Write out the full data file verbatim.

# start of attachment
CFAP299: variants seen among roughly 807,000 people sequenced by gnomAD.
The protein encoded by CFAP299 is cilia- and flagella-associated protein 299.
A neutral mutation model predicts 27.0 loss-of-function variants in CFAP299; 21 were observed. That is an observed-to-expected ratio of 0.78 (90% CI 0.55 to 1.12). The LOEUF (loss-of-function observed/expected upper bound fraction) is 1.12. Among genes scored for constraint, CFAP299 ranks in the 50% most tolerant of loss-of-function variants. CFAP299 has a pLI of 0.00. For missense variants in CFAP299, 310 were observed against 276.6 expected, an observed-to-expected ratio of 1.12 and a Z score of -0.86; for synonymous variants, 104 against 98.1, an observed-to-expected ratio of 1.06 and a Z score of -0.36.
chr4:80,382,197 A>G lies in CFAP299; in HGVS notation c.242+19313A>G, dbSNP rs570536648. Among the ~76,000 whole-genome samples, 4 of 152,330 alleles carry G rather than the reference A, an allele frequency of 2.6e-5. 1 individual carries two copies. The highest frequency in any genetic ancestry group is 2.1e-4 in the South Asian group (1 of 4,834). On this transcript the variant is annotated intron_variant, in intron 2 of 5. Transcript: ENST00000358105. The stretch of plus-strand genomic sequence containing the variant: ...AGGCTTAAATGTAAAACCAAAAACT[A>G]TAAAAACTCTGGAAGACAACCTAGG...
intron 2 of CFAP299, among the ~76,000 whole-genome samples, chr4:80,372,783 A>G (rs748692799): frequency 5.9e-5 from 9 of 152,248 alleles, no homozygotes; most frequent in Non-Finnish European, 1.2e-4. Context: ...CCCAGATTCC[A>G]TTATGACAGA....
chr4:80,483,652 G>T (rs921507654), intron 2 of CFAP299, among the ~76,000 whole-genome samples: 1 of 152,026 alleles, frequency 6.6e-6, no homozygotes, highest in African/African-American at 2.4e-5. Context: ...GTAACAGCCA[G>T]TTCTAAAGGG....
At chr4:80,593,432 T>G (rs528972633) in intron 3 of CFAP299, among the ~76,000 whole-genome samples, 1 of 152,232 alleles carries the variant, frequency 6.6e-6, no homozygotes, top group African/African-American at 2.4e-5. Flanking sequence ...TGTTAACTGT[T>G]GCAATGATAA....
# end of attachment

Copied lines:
CFAP299: variants seen among roughly 807,000 people sequenced by gnomAD.
The protein encoded by CFAP299 is cilia- and flagella-associated protein 299.
A neutral mutation model predicts 27.0 loss-of-function variants in CFAP299; 21 were observed. That is an observed-to-expected ratio of 0.78 (90% CI 0.55 to 1.12). The LOEUF (loss-of-function observed/expected upper bound fraction) is 1.12. Among genes scored for constraint, CFAP299 ranks in the 50% most tolerant of loss-of-function variants. CFAP299 has a pLI of 0.00. For missense variants in CFAP299, 310 were observed against 276.6 expected, an observed-to-expected ratio of 1.12 and a Z score of -0.86; for synonymous variants, 104 against 98.1, an observed-to-expected ratio of 1.06 and a Z score of -0.36.
chr4:80,382,197 A>G lies in CFAP299; in HGVS notation c.242+19313A>G, dbSNP rs570536648. Among the ~76,000 whole-genome samples, 4 of 152,330 alleles carry G rather than the reference A, an allele frequency of 2.6e-5. 1 individual carries two copies. The highest frequency in any genetic ancestry group is 2.1e-4 in the South Asian group (1 of 4,834). On this transcript the variant is annotated intron_variant, in intron 2 of 5. Transcript: ENST00000358105. The stretch of plus-strand genomic sequence containing the variant: ...AGGCTTAAATGTAAAACCAAAAACT[A>G]TAAAAACTCTGGAAGACAACCTAGG...
intron 2 of CFAP299, among the ~76,000 whole-genome samples, chr4:80,372,783 A>G (rs748692799): frequency 5.9e-5 from 9 of 152,248 alleles, no homozygotes; most frequent in Non-Finnish European, 1.2e-4. Context: ...CCCAGATTCC[A>G]TTATGACAGA....
chr4:80,483,652 G>T (rs921507654), intron 2 of CFAP299, among the ~76,000 whole-genome samples: 1 of 152,026 alleles, frequency 6.6e-6, no homozygotes, highest in African/African-American at 2.4e-5. Context: ...GTAACAGCCA[G>T]TTCTAAAGGG....
At chr4:80,593,432 T>G (rs528972633) in intron 3 of CFAP299, among the ~76,000 whole-genome samples, 1 of 152,232 alleles carries the variant, frequency 6.6e-6, no homozygotes, top group African/African-American at 2.4e-5. Flanking sequence ...TGTTAACTGT[T>G]GCAATGATAA....